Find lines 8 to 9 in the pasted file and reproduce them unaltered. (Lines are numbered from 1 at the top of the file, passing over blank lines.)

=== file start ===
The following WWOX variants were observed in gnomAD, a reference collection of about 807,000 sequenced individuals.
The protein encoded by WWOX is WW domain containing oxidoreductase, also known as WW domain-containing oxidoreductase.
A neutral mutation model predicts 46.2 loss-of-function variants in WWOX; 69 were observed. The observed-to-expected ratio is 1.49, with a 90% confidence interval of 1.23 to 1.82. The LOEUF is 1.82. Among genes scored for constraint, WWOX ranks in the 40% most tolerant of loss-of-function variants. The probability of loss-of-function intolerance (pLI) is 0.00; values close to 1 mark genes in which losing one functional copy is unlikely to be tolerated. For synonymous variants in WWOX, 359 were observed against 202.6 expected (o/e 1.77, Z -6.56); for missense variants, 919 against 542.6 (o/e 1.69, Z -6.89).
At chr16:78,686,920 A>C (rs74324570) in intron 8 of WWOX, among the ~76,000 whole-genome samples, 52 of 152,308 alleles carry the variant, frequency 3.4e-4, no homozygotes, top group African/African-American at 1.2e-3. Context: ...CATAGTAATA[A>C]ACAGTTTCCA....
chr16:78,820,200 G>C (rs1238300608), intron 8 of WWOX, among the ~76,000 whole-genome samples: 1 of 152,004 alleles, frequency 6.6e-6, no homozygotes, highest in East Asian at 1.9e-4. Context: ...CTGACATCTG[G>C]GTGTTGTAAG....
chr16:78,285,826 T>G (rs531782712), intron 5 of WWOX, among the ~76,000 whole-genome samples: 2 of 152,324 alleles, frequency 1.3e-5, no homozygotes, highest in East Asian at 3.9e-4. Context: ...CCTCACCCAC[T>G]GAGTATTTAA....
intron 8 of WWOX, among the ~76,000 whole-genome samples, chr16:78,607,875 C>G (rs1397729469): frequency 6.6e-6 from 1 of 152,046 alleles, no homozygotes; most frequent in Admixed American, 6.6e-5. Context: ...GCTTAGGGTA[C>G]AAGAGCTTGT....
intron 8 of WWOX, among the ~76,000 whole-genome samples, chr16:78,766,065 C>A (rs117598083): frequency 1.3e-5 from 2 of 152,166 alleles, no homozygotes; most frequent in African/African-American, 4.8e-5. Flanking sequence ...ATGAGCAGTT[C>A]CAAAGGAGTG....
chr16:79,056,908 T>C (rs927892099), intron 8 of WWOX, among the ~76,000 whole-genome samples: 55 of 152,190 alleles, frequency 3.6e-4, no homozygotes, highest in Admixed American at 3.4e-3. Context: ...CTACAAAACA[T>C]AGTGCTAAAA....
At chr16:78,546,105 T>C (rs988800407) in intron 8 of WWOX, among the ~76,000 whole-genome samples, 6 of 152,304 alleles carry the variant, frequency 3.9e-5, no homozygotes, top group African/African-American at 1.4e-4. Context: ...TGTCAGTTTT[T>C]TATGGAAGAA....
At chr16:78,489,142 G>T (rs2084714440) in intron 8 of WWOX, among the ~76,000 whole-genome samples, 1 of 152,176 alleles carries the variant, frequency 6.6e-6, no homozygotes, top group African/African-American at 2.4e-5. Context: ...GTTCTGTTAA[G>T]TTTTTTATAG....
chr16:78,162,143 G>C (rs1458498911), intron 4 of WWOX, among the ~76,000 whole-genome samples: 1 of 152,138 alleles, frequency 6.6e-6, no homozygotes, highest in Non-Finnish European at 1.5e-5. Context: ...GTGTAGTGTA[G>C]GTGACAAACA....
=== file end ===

intron 8 of WWOX, among the ~76,000 whole-genome samples, chr16:78,766,065 C>A (rs117598083): frequency 1.3e-5 from 2 of 152,166 alleles, no homozygotes; most frequent in African/African-American, 4.8e-5. Flanking sequence ...ATGAGCAGTT[C>A]CAAAGGAGTG....
chr16:79,056,908 T>C (rs927892099), intron 8 of WWOX, among the ~76,000 whole-genome samples: 55 of 152,190 alleles, frequency 3.6e-4, no homozygotes, highest in Admixed American at 3.4e-3. Context: ...CTACAAAACA[T>C]AGTGCTAAAA....